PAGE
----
Why is bird poo white?
Hi Naked Scientists,
I was seating with a cup of coffee on a chair in my back yard in the morning, watching a seagull flying above me, wondering if I'd have the time to avoid it's poo, if the seagull felt such a need right above me. And then I remembered my car, and the fact that the birds' excrements were white. What kind of things happen in their body to make their excrements white, whilst they are eating about the same things as other animals eat?
Helen - Excellent question and it's not actually anything to do with what they eat which is one thing you could think of - well maybe they eat something that's white? but no. They eat just the same stuff as all sorts of other creatures, but it's about how they process that food and it's all about proteins and nucleic acids, and how they break that down. We break down proteins and we all produce ammonia, but we make it into urea which we then dissolve in water and get rid of it in urine. But we need lots of water to do that, so that means we have to drink a lot which means we don't really survive very well when there's not much water around.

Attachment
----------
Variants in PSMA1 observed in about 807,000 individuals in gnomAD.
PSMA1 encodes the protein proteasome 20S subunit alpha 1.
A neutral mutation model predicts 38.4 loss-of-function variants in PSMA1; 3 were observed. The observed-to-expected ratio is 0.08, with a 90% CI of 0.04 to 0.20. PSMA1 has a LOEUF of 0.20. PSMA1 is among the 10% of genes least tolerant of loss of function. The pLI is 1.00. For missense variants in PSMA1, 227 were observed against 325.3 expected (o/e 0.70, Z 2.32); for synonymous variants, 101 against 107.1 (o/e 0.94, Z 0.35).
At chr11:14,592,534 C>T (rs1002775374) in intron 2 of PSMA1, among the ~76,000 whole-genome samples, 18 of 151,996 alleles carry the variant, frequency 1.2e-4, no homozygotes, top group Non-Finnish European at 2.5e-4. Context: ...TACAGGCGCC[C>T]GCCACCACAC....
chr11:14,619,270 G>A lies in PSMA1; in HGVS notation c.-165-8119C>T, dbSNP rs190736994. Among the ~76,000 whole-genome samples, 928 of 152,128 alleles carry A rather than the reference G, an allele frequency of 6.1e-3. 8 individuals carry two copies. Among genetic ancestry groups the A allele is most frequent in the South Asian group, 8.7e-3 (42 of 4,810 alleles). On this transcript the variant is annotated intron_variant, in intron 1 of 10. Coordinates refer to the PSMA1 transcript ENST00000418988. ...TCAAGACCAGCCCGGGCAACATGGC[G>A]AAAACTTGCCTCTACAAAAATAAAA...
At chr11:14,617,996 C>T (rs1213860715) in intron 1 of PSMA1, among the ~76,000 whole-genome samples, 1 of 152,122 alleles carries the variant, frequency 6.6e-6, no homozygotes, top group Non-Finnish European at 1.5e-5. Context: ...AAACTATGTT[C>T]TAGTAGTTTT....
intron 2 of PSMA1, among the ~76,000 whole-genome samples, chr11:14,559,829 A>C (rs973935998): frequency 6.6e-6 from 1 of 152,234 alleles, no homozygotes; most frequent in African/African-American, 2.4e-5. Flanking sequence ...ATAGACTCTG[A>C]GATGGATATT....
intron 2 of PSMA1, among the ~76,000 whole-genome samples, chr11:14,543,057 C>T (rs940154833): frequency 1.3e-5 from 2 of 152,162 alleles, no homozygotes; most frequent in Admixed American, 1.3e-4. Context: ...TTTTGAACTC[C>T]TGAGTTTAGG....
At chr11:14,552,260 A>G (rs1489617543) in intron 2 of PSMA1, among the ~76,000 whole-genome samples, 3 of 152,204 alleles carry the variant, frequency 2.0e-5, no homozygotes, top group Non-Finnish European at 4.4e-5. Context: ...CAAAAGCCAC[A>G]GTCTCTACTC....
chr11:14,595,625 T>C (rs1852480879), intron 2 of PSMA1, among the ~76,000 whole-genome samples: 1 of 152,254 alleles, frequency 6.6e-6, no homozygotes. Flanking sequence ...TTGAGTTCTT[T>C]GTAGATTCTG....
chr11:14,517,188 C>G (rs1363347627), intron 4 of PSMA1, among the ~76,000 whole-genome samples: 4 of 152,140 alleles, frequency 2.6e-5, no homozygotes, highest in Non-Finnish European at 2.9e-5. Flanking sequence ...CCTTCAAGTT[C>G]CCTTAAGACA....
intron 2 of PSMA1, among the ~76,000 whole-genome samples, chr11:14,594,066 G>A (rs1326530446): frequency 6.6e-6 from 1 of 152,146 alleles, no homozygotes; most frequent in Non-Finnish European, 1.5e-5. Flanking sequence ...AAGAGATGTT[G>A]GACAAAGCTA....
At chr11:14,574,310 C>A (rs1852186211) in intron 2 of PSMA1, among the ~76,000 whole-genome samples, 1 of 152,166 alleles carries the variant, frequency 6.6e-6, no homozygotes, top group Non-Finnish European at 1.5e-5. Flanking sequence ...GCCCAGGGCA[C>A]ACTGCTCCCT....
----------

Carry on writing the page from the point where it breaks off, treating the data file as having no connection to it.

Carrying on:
Birds and reptiles have a better way of dealing perhaps with low water, and the need to get rid of all that nasty toxic ammonia, and they create something called uric acid which is a solid or a mostly solid paste. That is white, and that's why their poo is white. In fact, it's very valuable stuff. Guano has been mined in lots of parts of the world to be used as fertiliser and wars have been fought over it because it can be used to make gunpowder - it's got very high nitrogen and phosphorus in it. So, there you go - white bird poo has lots of rather extraordinary applications.